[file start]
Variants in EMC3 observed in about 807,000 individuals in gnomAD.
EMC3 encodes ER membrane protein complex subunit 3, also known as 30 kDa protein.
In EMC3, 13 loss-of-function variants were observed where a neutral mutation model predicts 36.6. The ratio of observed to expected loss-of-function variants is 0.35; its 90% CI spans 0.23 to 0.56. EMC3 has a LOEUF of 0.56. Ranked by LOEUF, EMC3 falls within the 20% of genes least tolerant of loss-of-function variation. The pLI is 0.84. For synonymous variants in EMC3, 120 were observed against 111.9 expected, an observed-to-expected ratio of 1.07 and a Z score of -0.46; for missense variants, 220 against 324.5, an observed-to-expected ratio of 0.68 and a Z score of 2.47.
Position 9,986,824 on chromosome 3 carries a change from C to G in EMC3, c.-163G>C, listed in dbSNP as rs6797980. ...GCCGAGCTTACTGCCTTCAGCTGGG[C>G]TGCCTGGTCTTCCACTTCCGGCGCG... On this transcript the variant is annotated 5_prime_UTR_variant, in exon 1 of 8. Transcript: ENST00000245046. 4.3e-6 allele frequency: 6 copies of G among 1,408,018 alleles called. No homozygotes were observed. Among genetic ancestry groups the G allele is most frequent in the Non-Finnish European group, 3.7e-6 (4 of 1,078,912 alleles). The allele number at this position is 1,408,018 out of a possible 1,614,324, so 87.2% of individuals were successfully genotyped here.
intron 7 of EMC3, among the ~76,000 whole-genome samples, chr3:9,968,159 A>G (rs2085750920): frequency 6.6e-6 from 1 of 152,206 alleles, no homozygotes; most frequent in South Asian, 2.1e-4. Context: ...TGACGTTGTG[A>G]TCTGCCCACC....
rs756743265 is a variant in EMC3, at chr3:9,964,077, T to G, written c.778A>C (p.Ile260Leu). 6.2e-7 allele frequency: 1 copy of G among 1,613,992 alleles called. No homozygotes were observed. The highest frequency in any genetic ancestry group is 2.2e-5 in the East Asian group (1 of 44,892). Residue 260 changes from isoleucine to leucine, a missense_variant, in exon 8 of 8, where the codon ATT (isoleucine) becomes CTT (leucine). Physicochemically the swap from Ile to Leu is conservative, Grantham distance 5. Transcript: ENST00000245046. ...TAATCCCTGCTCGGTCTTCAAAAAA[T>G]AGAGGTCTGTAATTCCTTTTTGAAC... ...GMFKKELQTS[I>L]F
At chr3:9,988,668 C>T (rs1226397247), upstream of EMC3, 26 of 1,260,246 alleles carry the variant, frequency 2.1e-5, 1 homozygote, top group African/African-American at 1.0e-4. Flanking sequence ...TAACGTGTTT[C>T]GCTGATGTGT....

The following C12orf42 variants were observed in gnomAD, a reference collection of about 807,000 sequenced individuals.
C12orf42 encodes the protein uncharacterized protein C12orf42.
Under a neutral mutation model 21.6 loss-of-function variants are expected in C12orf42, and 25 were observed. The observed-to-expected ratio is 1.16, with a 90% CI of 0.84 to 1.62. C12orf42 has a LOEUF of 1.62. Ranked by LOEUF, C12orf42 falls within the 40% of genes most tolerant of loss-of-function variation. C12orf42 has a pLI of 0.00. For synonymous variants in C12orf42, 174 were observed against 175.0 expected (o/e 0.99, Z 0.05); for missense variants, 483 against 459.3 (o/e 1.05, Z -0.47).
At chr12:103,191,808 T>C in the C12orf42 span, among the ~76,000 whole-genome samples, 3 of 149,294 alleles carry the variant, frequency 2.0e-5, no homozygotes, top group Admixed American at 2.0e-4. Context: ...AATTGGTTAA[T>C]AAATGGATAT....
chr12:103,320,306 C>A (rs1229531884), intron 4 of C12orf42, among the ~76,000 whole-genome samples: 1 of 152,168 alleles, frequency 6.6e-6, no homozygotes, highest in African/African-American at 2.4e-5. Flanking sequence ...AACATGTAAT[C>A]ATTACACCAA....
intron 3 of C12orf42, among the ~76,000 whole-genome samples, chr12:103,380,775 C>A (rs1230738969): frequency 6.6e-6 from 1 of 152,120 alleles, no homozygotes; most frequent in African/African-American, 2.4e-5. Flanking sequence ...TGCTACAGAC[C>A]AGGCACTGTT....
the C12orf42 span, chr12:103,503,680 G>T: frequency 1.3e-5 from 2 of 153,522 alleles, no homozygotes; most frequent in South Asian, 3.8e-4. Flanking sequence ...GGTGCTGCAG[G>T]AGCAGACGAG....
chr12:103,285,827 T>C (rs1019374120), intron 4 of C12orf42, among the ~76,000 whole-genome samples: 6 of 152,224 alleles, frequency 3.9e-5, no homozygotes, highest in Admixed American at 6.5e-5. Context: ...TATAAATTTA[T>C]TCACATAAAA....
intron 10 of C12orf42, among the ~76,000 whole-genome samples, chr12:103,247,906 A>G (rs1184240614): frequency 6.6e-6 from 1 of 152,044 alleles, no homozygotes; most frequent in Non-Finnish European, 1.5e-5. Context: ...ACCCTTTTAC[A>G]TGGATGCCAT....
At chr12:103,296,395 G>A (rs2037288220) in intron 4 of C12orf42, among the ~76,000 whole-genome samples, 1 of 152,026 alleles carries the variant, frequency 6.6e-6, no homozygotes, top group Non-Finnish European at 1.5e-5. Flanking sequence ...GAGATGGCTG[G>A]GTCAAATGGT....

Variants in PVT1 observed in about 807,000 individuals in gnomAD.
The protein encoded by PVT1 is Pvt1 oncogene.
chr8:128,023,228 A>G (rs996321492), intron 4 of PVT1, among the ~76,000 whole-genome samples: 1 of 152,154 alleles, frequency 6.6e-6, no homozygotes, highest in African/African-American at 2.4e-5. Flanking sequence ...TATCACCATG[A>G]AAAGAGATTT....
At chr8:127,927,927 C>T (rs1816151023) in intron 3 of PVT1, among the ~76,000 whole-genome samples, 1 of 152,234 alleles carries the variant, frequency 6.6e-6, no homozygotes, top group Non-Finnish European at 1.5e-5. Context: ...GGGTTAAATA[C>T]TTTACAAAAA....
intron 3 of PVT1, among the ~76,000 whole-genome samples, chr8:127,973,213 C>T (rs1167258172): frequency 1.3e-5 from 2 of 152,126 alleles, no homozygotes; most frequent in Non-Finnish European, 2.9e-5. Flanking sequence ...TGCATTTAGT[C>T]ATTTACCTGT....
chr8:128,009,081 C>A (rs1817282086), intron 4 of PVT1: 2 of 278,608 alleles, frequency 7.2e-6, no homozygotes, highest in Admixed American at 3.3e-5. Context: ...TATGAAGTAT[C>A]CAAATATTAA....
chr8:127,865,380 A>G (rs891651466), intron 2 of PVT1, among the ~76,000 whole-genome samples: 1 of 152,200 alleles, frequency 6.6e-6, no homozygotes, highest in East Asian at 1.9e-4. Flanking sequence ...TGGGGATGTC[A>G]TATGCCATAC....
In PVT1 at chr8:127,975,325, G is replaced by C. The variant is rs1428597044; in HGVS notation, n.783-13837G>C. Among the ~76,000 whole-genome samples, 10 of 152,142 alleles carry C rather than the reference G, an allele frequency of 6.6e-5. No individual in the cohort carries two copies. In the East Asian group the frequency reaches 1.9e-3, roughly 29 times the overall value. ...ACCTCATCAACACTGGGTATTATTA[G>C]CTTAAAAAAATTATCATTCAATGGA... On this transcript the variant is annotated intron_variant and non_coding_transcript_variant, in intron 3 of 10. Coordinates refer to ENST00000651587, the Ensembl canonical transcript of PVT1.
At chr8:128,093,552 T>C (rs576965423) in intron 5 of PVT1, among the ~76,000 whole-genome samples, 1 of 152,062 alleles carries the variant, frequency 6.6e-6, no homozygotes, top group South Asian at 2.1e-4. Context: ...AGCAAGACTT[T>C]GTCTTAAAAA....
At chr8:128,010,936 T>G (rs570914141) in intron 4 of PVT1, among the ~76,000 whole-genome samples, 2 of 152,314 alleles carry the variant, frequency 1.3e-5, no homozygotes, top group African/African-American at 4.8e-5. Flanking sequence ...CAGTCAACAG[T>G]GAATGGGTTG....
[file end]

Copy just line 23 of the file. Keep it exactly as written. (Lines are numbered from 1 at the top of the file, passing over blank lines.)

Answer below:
chr8:128,009,081 C>A (rs1817282086), intron 4 of PVT1: 2 of 278,608 alleles, frequency 7.2e-6, no homozygotes, highest in Admixed American at 3.3e-5. Context: ...TATGAAGTAT[C>A]CAAATATTAA....